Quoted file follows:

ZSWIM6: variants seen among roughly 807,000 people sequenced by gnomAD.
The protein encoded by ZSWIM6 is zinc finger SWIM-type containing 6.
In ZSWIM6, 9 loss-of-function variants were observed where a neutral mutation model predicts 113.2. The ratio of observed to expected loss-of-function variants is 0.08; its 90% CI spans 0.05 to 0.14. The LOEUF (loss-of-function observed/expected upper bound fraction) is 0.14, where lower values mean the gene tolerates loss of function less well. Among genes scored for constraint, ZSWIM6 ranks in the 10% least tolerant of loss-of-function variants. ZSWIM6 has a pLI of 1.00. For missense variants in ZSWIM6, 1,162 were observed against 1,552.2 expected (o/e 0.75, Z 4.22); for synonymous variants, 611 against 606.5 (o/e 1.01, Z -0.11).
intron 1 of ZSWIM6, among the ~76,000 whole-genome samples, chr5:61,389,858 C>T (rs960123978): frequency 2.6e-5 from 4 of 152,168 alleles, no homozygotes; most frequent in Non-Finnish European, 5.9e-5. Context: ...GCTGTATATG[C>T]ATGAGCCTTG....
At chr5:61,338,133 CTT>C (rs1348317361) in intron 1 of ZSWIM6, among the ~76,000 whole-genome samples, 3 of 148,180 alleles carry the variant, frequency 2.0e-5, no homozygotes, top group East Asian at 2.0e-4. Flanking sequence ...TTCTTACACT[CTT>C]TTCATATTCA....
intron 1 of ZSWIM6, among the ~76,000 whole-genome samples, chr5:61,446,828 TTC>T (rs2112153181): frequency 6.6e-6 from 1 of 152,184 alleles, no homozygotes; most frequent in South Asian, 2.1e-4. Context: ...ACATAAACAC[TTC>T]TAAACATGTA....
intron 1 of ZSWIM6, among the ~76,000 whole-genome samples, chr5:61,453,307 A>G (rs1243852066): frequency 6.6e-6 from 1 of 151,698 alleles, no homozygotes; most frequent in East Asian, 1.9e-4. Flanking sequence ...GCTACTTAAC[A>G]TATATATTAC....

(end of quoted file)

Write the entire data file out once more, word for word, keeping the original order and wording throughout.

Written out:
ZSWIM6: variants seen among roughly 807,000 people sequenced by gnomAD.
The protein encoded by ZSWIM6 is zinc finger SWIM-type containing 6.
In ZSWIM6, 9 loss-of-function variants were observed where a neutral mutation model predicts 113.2. The ratio of observed to expected loss-of-function variants is 0.08; its 90% CI spans 0.05 to 0.14. The LOEUF (loss-of-function observed/expected upper bound fraction) is 0.14, where lower values mean the gene tolerates loss of function less well. Among genes scored for constraint, ZSWIM6 ranks in the 10% least tolerant of loss-of-function variants. ZSWIM6 has a pLI of 1.00. For missense variants in ZSWIM6, 1,162 were observed against 1,552.2 expected (o/e 0.75, Z 4.22); for synonymous variants, 611 against 606.5 (o/e 1.01, Z -0.11).
intron 1 of ZSWIM6, among the ~76,000 whole-genome samples, chr5:61,389,858 C>T (rs960123978): frequency 2.6e-5 from 4 of 152,168 alleles, no homozygotes; most frequent in Non-Finnish European, 5.9e-5. Context: ...GCTGTATATG[C>T]ATGAGCCTTG....
At chr5:61,338,133 CTT>C (rs1348317361) in intron 1 of ZSWIM6, among the ~76,000 whole-genome samples, 3 of 148,180 alleles carry the variant, frequency 2.0e-5, no homozygotes, top group East Asian at 2.0e-4. Flanking sequence ...TTCTTACACT[CTT>C]TTCATATTCA....
intron 1 of ZSWIM6, among the ~76,000 whole-genome samples, chr5:61,446,828 TTC>T (rs2112153181): frequency 6.6e-6 from 1 of 152,184 alleles, no homozygotes; most frequent in South Asian, 2.1e-4. Context: ...ACATAAACAC[TTC>T]TAAACATGTA....
intron 1 of ZSWIM6, among the ~76,000 whole-genome samples, chr5:61,453,307 A>G (rs1243852066): frequency 6.6e-6 from 1 of 151,698 alleles, no homozygotes; most frequent in East Asian, 1.9e-4. Flanking sequence ...GCTACTTAAC[A>G]TATATATTAC....